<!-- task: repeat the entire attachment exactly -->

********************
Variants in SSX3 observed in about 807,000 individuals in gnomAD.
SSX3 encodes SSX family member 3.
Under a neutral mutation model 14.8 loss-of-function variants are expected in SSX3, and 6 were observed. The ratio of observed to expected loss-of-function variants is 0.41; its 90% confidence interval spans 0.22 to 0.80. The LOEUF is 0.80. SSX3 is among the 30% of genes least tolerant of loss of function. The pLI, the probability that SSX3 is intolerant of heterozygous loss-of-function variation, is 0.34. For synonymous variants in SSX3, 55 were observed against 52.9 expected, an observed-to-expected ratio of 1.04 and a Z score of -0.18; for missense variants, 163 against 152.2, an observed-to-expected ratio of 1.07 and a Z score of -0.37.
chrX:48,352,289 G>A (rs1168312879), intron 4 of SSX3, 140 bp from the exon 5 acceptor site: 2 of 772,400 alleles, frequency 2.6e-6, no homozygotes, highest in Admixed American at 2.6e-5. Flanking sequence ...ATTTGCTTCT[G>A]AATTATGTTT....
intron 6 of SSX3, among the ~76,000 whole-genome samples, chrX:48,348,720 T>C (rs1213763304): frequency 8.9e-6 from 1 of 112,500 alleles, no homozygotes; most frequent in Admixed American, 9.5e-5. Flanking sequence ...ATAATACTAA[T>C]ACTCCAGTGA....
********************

Variants in SSX3 observed in about 807,000 individuals in gnomAD.
SSX3 encodes SSX family member 3.
Under a neutral mutation model 14.8 loss-of-function variants are expected in SSX3, and 6 were observed. The ratio of observed to expected loss-of-function variants is 0.41; its 90% confidence interval spans 0.22 to 0.80. The LOEUF is 0.80. SSX3 is among the 30% of genes least tolerant of loss of function. The pLI, the probability that SSX3 is intolerant of heterozygous loss-of-function variation, is 0.34. For synonymous variants in SSX3, 55 were observed against 52.9 expected, an observed-to-expected ratio of 1.04 and a Z score of -0.18; for missense variants, 163 against 152.2, an observed-to-expected ratio of 1.07 and a Z score of -0.37.
chrX:48,352,289 G>A (rs1168312879), intron 4 of SSX3, 140 bp from the exon 5 acceptor site: 2 of 772,400 alleles, frequency 2.6e-6, no homozygotes, highest in Admixed American at 2.6e-5. Flanking sequence ...ATTTGCTTCT[G>A]AATTATGTTT....
intron 6 of SSX3, among the ~76,000 whole-genome samples, chrX:48,348,720 T>C (rs1213763304): frequency 8.9e-6 from 1 of 112,500 alleles, no homozygotes; most frequent in Admixed American, 9.5e-5. Flanking sequence ...ATAATACTAA[T>C]ACTCCAGTGA....